And here too lie further conumdrums when ghost stories are related: it’s not just the who and what, and the when and where, that go towards their effective reception by reader or listener, it’s how we experience them — the time of day or night, the place, whether orally conveyed or merely seen on the page — and why we choose this genre — our mood or inclination, our desire to be frightened witless — that decide whether such grim tales amuse or bore or chill us.

And, of course, whether the author is the mistress or not of her craft must surely be a deciding factor.

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Having a blast

Summer reading, had me a blast… The last two or three summers I’ve joined in with Cathy’s meme Twenty Books of Summer and, even if I’ve gone for a softer option like last year’s Ten Books, I’ve generally managed to complete a score of titles.

This year I’m again joining the ever expanding cohort of bloggers (who happen to be readers) participating in this event, and I’m going for a total of fifteen books. Here’s why.

I want to combine this meme with a couple of others — easy as it’s all about personal choice of reading — but also want to include some chunksters. This will mean a slower rate of consumption of course, but I hope that an average of five books a month (summer counts as between 1st June and the first day of September) will be manageable.

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Bittersweet symphony

Piazza (image credit: Polina Kostova /Pexels)

Nocturnes:
Five Stories of Music and Nightfall
by Kazuo Ishiguro,
Faber and Faber 2010 (2009)

This quintet of brief narratives told by different musicians and one music-lover, all told in the first person, describe relationships and acquaintances which never quite run smooth. Though ‘nocturne’ strictly describes a nighttime piece of music some of these stories have a daytime feel even when their tones can be dark.

The settings vary, moving from Venice to London, the Welsh Marches to Beverly Hills, and ending in an unnamed Italian town piazza.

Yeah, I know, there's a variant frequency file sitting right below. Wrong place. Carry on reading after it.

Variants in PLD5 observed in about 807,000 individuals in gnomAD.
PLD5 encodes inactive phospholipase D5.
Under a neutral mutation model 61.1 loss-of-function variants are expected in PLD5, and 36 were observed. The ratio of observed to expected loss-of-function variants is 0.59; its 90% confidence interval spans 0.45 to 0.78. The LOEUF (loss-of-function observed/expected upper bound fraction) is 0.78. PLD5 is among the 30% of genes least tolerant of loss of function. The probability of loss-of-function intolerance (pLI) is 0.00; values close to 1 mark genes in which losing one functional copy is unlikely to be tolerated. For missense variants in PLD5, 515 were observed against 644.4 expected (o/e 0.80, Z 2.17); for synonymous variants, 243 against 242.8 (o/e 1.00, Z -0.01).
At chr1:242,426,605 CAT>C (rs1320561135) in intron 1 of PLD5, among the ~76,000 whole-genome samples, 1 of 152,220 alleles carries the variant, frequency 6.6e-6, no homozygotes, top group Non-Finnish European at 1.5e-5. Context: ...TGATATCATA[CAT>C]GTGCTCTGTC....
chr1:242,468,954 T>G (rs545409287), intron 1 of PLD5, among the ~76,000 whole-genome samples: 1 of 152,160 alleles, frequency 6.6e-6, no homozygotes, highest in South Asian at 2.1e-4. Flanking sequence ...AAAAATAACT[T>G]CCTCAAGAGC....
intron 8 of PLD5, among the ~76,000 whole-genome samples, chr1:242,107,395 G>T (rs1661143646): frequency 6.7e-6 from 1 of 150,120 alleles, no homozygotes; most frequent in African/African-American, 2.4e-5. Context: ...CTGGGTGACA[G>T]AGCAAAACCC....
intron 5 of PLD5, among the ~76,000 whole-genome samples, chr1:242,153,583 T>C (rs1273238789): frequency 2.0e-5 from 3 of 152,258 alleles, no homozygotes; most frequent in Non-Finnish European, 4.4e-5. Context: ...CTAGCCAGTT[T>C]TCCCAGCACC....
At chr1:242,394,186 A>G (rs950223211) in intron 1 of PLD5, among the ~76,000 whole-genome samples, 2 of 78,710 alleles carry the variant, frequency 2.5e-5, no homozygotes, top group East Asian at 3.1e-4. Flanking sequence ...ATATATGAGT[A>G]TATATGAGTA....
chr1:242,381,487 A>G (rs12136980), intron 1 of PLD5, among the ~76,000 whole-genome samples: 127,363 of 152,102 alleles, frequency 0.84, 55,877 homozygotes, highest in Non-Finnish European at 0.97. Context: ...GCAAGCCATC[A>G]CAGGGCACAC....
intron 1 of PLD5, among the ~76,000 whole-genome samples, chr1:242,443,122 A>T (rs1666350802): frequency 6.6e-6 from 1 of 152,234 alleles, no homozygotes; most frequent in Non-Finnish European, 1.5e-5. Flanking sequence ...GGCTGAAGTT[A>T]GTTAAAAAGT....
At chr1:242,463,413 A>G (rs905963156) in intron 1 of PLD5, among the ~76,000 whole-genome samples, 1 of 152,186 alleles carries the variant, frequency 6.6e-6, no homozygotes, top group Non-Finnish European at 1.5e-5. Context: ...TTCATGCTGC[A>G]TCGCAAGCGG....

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More brief narratives

I recently mentioned that I had several collections of short stories in hand which I intended to get round to in the near future using the tag the Library of Brief Narratives. It’s my intention to include as many short story titles as I can bear throughout 2021, but to get off to a flying start by reviewing a couple of them in December.

I’ve already listed selections and collections with or including realist themes. Now, as a further amuse-bouche for you all, comes another listing of titles with a more speculative range of genres, from SF and fantasy through fairytales and on to horror and suspense.

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To cut a tale short

Collections of short stories are, I’ve found, tricky things to review compared to a solid novel or longish novella. The reasons are as various as the pieces in the collection can be:

  1. there may be too many individual stories to cover them all in any detail;
  2. mere listing of the contents doesn’t, in my view, constitute a review but often that seems to be main option, which is a disservice to those hoping to decide whether to read the volume;
  3. the selection may be uneven in quality with any poor specimens bringing down the standard of the collection and thus one’s overall assessment;
  4. the variety in terms of subject matter, tone, length and order also make an overall assessment difficult.

But without reviews how is one to tread the labyrinth of the Library of Brief Narratives? I have a number of such collections in my purview waiting for my perusal and assessment so I have those paths to follow.

In the meantime, here is an overview of some of the collections I have reviewed, with brief commentary, for those (like, I think, Cath Humphries) hoping for signposts to new pastures. For this first of two posts I look at collections with a realist slant (links are to my reviews).